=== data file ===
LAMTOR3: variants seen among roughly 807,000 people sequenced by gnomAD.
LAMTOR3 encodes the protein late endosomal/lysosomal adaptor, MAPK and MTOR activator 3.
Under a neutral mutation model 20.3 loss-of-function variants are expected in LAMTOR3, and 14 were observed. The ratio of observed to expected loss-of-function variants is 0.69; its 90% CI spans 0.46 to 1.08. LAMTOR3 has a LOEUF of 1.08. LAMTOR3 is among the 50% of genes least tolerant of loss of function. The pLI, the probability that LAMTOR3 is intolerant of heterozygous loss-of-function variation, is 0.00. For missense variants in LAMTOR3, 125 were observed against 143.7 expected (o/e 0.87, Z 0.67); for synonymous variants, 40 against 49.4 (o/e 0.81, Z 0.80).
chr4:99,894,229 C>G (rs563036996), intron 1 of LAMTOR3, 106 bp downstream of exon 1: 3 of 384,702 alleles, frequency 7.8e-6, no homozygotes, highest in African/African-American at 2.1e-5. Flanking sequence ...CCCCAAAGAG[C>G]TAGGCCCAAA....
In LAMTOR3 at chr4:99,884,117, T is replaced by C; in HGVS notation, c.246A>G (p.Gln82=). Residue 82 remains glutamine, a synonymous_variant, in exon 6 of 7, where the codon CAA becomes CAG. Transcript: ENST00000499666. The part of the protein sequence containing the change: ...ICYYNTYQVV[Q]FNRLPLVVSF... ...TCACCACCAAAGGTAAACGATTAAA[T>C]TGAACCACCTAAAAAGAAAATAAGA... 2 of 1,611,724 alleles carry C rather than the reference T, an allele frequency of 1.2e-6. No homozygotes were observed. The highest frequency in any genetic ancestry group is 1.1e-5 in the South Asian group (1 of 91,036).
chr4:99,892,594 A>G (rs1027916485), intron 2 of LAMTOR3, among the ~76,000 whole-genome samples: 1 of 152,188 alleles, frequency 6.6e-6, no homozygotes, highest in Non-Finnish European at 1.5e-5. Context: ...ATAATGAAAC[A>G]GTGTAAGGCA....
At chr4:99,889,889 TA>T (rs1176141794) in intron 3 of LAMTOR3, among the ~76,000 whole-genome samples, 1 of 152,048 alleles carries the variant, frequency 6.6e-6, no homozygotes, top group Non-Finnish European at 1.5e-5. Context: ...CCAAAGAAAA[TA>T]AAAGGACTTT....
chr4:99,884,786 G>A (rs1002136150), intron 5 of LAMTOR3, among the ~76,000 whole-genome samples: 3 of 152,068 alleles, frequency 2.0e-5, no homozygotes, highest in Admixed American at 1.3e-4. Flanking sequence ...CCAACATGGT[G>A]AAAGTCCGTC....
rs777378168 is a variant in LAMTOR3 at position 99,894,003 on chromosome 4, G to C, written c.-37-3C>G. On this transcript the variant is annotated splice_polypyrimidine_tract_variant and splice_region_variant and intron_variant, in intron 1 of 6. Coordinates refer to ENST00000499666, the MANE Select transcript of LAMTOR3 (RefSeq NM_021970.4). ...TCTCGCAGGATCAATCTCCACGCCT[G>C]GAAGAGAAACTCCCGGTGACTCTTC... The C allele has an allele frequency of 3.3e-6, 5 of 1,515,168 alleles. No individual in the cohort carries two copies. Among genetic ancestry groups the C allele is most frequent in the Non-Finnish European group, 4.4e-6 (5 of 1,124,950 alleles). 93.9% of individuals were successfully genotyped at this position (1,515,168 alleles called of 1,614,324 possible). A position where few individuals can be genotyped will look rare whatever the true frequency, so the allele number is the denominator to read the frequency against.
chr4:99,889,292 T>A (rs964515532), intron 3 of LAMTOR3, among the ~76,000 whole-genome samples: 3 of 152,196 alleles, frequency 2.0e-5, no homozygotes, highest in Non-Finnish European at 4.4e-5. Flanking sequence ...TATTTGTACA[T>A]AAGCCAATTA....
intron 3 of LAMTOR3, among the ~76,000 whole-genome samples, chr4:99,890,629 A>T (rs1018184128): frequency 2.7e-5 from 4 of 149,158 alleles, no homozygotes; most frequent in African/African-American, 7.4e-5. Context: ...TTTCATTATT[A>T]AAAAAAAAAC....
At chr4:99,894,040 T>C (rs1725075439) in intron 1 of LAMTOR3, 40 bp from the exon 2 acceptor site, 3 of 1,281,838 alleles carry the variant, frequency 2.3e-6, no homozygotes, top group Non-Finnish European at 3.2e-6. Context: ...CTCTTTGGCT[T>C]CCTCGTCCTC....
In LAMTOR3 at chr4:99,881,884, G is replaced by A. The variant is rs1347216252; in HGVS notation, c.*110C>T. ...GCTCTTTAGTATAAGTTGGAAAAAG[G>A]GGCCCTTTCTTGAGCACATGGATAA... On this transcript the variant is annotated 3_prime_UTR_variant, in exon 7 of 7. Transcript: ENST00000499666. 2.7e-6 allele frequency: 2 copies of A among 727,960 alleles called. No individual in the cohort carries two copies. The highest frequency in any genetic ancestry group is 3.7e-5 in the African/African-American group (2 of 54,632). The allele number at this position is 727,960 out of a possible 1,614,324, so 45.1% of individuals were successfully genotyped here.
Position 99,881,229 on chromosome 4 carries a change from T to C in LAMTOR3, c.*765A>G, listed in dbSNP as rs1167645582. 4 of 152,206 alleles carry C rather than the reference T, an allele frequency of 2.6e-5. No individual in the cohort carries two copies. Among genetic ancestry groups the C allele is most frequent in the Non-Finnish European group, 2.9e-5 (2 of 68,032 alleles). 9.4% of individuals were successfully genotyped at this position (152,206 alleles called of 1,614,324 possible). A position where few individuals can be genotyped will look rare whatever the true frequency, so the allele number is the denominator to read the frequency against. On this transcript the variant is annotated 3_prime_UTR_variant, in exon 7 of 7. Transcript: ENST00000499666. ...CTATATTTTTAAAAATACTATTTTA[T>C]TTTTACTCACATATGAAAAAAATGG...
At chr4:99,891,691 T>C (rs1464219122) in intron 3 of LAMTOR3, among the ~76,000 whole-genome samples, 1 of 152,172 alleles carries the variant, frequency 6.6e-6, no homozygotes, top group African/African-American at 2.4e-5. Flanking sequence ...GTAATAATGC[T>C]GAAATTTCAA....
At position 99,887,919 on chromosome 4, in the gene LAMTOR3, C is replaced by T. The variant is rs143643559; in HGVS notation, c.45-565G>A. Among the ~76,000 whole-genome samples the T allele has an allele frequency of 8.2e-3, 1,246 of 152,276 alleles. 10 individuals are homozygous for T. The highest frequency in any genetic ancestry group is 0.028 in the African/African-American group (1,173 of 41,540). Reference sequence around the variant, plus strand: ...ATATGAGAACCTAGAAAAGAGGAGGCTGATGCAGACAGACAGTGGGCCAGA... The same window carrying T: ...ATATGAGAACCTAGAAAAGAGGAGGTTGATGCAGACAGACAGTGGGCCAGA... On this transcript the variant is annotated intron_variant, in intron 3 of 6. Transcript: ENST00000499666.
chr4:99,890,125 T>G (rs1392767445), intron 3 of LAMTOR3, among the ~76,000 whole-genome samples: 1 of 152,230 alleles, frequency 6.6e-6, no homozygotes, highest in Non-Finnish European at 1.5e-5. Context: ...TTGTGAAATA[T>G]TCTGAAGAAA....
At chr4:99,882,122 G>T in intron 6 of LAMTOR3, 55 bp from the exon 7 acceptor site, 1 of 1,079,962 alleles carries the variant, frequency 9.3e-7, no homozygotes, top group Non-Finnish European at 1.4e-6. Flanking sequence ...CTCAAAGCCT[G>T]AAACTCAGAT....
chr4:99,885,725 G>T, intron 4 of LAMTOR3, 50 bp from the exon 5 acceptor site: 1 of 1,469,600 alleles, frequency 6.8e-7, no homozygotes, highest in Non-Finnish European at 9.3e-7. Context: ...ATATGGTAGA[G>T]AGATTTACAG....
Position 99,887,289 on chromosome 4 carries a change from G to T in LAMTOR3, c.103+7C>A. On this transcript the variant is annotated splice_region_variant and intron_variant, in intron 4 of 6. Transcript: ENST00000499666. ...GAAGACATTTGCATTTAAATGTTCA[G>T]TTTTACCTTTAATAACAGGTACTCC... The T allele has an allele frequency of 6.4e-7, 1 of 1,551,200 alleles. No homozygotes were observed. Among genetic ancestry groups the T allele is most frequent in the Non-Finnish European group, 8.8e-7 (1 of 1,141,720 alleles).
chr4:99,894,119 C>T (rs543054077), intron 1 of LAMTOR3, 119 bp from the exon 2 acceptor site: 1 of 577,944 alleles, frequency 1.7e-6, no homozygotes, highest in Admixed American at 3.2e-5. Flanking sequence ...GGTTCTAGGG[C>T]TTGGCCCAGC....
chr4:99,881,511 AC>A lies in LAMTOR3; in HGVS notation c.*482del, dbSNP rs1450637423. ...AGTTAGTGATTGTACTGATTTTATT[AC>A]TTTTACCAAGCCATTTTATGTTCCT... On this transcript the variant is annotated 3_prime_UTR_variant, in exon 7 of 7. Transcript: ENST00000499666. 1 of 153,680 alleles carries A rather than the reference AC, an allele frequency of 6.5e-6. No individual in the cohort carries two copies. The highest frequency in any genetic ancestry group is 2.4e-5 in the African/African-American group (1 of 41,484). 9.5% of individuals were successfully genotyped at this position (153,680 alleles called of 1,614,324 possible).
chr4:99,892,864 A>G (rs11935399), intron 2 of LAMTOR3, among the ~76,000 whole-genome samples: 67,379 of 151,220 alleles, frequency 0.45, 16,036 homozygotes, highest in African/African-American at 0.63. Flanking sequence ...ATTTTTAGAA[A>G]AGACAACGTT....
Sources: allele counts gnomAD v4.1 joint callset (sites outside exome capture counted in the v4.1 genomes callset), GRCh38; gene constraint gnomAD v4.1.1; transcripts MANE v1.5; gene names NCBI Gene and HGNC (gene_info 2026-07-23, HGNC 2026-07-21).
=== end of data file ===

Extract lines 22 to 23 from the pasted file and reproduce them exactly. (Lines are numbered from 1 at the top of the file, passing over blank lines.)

chr4:99,881,511 AC>A lies in LAMTOR3; in HGVS notation c.*482del, dbSNP rs1450637423. ...AGTTAGTGATTGTACTGATTTTATT[AC>A]TTTTACCAAGCCATTTTATGTTCCT... On this transcript the variant is annotated 3_prime_UTR_variant, in exon 7 of 7. Transcript: ENST00000499666. 1 of 153,680 alleles carries A rather than the reference AC, an allele frequency of 6.5e-6. No individual in the cohort carries two copies. The highest frequency in any genetic ancestry group is 2.4e-5 in the African/African-American group (1 of 41,484). 9.5% of individuals were successfully genotyped at this position (153,680 alleles called of 1,614,324 possible).
chr4:99,892,864 A>G (rs11935399), intron 2 of LAMTOR3, among the ~76,000 whole-genome samples: 67,379 of 151,220 alleles, frequency 0.45, 16,036 homozygotes, highest in African/African-American at 0.63. Flanking sequence ...ATTTTTAGAA[A>G]AGACAACGTT....